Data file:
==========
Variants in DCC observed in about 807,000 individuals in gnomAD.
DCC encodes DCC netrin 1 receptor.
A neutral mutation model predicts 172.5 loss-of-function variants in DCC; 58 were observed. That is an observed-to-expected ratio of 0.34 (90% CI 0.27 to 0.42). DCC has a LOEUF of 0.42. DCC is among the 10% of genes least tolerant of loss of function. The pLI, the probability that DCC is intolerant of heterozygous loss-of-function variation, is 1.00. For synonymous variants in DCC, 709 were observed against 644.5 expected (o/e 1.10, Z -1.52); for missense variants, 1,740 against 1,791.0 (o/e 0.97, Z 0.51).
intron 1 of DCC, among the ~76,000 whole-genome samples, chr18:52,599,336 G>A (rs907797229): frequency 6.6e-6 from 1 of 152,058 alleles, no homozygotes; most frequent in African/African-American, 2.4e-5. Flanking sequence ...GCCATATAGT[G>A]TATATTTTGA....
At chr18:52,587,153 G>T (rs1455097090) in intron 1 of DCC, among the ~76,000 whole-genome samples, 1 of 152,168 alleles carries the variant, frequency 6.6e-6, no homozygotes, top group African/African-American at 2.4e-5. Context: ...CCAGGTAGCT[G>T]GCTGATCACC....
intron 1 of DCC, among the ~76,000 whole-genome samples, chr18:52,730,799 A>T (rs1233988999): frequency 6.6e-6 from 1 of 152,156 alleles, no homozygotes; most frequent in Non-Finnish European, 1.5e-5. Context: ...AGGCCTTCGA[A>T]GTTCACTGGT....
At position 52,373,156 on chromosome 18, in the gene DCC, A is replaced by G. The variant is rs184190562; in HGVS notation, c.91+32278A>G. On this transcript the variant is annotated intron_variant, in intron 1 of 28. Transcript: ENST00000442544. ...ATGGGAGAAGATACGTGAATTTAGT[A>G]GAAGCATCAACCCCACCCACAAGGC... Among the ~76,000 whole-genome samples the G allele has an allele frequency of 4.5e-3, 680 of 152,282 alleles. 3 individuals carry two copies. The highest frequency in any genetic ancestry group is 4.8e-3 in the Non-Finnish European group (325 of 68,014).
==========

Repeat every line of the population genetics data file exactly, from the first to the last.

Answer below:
Variants in DCC observed in about 807,000 individuals in gnomAD.
DCC encodes DCC netrin 1 receptor.
A neutral mutation model predicts 172.5 loss-of-function variants in DCC; 58 were observed. That is an observed-to-expected ratio of 0.34 (90% CI 0.27 to 0.42). DCC has a LOEUF of 0.42. DCC is among the 10% of genes least tolerant of loss of function. The pLI, the probability that DCC is intolerant of heterozygous loss-of-function variation, is 1.00. For synonymous variants in DCC, 709 were observed against 644.5 expected (o/e 1.10, Z -1.52); for missense variants, 1,740 against 1,791.0 (o/e 0.97, Z 0.51).
intron 1 of DCC, among the ~76,000 whole-genome samples, chr18:52,599,336 G>A (rs907797229): frequency 6.6e-6 from 1 of 152,058 alleles, no homozygotes; most frequent in African/African-American, 2.4e-5. Flanking sequence ...GCCATATAGT[G>A]TATATTTTGA....
At chr18:52,587,153 G>T (rs1455097090) in intron 1 of DCC, among the ~76,000 whole-genome samples, 1 of 152,168 alleles carries the variant, frequency 6.6e-6, no homozygotes, top group African/African-American at 2.4e-5. Context: ...CCAGGTAGCT[G>T]GCTGATCACC....
intron 1 of DCC, among the ~76,000 whole-genome samples, chr18:52,730,799 A>T (rs1233988999): frequency 6.6e-6 from 1 of 152,156 alleles, no homozygotes; most frequent in Non-Finnish European, 1.5e-5. Context: ...AGGCCTTCGA[A>T]GTTCACTGGT....
At position 52,373,156 on chromosome 18, in the gene DCC, A is replaced by G. The variant is rs184190562; in HGVS notation, c.91+32278A>G. On this transcript the variant is annotated intron_variant, in intron 1 of 28. Transcript: ENST00000442544. ...ATGGGAGAAGATACGTGAATTTAGT[A>G]GAAGCATCAACCCCACCCACAAGGC... Among the ~76,000 whole-genome samples the G allele has an allele frequency of 4.5e-3, 680 of 152,282 alleles. 3 individuals carry two copies. The highest frequency in any genetic ancestry group is 4.8e-3 in the Non-Finnish European group (325 of 68,014).